Argentina Prepares to Remember the Victims of the Falklands War

[All links lead to Spanish sites unless otherwise stated.]

Malvinas Day is celebrated each year in Argentina on April 2, and with each anniversary the desire to recover what was lost in 1982 resurfaces. And this year will not go unnoticed; after the various statements [en] made by President Cristina Fernández de Kirchner regarding the diplomatic conflict with the United Kingdom, nationalist attitudes are reemerging in Argentine society.

ArturoDiazF‘s blog briefly sums up the national sentiment:

Personalmente creo que la apelación al nacionalismo siempre ha sido la excusa perfecta para cohesionar a una nación. Reavivar el asunto de Las Malvinas es el caballito de batalla para distraer a la opinión pública sobre la situación económica en Argentina

Personally I think that nationalism has always been the perfect excuse to unite a country. The revival of the Falklands issue is the point of contention that will distract the public from the economic situation in Argentina.

Various events have taken place in the last few weeks: President Cristina Fernández's visit to Chile, Unasur's rejection of hydrocarbon exploration in the Falkland Islands, and the possible recommencement of flights from Argentina to the Islands. But what do the Falkland Islanders think about the situation?

Replica of the Malvinas Cemetary, photo by Alejandro Gómez (CC BY 2.0)

John Fowler [en], editor of Penguin News, a newspaper produced on the Islands, sums up the attitudes of the Kelpers [en] (inhabitants of the Falklands):

I think we would like to see the “sovereignty umbrella” hoisted again so that issues of shared concern like fish stocks and hydrocarbon exploration can be discussed to our mutual benefit without prejudice and we would also really like the Argentine government, as they once promised, to stop using the name Puerto Argentino to identify our capital, Stanley.  Unlike Malvinas which is a name with historical authenticity, used in a more or less neutral sense throughout the Spanish-speaking world, Puerto Argentino remains as an unpleasant reminder of an even more unpleasant time and its continued use thirty years later is an insult.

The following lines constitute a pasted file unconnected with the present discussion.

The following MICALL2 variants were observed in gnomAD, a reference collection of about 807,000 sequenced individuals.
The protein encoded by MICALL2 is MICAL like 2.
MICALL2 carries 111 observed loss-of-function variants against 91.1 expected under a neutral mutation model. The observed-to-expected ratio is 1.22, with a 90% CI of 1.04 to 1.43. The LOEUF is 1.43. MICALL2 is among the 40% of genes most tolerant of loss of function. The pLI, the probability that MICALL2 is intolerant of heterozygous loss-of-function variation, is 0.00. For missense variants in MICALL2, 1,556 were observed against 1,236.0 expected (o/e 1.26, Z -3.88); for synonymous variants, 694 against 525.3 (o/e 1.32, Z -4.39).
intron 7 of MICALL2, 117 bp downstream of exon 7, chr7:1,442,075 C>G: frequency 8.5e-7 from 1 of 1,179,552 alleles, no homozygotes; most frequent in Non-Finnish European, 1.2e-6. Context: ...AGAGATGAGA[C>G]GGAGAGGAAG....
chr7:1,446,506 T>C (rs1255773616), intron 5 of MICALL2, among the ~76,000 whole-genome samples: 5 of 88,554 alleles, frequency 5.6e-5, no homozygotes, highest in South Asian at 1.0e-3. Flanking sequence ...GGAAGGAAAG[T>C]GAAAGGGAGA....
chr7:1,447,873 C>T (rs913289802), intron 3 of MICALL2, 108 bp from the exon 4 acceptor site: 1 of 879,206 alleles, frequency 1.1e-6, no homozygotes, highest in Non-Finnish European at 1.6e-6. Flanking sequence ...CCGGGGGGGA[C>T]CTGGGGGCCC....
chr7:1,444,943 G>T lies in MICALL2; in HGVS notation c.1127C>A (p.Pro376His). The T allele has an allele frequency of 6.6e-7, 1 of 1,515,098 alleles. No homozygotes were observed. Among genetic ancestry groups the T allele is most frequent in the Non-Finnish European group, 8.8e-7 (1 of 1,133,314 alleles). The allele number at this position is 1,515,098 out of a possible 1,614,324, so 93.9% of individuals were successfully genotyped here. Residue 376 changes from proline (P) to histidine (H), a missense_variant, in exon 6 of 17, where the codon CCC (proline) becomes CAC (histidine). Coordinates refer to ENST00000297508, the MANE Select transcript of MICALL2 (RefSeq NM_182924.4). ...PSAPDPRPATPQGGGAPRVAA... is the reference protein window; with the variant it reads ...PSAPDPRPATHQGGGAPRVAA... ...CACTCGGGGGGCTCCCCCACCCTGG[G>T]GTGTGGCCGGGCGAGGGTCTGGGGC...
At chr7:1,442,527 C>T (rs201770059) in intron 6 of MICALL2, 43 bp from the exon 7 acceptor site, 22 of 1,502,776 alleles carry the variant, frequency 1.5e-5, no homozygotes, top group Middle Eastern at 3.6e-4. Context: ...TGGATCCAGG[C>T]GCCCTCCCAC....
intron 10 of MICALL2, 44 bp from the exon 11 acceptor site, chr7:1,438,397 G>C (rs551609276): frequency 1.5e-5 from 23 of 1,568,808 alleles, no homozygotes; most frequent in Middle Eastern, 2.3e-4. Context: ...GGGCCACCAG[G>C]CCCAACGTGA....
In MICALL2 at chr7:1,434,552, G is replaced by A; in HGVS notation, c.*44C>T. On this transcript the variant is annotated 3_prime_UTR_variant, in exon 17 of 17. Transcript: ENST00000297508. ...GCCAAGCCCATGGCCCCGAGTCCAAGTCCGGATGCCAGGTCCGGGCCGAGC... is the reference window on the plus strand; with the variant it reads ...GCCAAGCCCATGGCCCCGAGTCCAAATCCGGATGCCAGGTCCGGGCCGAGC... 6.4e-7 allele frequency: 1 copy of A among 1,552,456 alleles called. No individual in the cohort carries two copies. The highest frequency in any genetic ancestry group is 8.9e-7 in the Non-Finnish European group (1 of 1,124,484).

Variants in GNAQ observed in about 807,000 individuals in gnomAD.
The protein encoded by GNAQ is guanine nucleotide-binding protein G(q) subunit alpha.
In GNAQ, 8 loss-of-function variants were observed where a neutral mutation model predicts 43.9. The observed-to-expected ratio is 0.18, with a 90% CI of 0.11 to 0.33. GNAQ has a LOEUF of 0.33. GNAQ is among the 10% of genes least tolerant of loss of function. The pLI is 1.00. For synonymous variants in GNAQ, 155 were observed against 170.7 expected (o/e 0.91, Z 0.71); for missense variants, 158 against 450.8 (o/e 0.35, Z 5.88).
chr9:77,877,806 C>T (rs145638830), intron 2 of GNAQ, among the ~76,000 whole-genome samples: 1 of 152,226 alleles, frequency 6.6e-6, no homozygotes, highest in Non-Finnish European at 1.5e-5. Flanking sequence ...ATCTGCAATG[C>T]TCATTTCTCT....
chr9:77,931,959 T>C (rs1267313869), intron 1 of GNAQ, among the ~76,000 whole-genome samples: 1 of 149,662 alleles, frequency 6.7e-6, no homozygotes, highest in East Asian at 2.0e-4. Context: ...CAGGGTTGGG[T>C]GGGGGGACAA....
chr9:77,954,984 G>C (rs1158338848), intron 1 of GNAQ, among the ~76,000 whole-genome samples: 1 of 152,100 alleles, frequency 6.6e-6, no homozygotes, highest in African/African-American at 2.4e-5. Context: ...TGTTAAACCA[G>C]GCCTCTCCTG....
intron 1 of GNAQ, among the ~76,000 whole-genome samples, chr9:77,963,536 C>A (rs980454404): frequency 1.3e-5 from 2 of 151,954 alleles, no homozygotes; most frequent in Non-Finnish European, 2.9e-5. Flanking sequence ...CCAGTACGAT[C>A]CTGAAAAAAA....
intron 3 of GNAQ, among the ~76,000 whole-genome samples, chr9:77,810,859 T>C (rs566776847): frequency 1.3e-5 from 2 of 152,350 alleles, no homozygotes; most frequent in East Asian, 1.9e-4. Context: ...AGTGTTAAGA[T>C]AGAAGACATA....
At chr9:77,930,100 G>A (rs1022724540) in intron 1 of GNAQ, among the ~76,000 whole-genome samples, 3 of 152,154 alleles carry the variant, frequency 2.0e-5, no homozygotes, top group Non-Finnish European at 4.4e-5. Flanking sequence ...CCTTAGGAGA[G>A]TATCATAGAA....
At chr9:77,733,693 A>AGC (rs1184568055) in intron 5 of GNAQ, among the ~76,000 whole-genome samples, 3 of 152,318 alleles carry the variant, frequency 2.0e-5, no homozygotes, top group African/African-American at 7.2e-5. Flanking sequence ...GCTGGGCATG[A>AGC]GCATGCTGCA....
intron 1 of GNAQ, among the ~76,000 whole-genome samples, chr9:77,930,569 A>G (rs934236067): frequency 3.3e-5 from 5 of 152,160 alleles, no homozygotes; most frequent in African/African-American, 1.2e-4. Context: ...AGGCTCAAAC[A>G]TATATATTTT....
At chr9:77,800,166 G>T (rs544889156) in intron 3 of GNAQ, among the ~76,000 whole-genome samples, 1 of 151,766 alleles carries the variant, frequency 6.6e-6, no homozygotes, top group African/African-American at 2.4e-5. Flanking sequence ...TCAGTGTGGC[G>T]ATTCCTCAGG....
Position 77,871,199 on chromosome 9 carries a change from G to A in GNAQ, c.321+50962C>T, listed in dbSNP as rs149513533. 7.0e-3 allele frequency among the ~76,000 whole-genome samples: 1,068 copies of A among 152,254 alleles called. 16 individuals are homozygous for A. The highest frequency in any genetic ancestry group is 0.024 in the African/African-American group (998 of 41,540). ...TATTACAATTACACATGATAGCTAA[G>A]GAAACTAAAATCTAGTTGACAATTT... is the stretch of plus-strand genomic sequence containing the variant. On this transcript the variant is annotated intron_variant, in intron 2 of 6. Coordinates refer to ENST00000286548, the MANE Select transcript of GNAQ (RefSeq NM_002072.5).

On the other hand the Peruvian government announced its decision to cancel the previously agreed routine visit of a British frigate, according to Telam, the Argentine national news agency:

Esta decisión ha sido adoptada en el espíritu de los compromisos de solidaridad latinoamericana asumidos en el marco de la Unasur respecto de los legítimos derechos de la República Argentina en la disputa de soberanía sobre las islas Malvinas, Georgias del Sur y Sandwich del Sur y los espacios marítimos circundantes”, explicó el canciller, Rafael Roncagliolo, en una breve declaración a la agencia noticiosa estatal Andina

“This decision has been taken in the spirit of Latin American solidarity commitments undertaken in the framework of Unasur (Union of South American Nations) with regard to the legitimate rights of Argentina in the sovereignty dispute over the Falkland Islands, South Georgia and South Sandwich Islands and the surrounding waters,” Foreign Affairs Minister Rafael Roncagliolo said in a brief statement to Peruvian news agency Andina.

The British government's swift response was one of disappointment, according to the newspaper La Nación:

El Gobierno británico lamentó hoy la decisión de Perú de solidarizarse con Argentina en la disputa de las islas Malvinas y cancelar la visita prevista al puerto del Callao de la fragata “HMS Montrose” del Reino Unido.

The British government regrets today's decision made by Peru to support Argentina in the dispute over the Falkland Islands and cancel HMS Montrose's planned visit to Callao from the United Kingdom.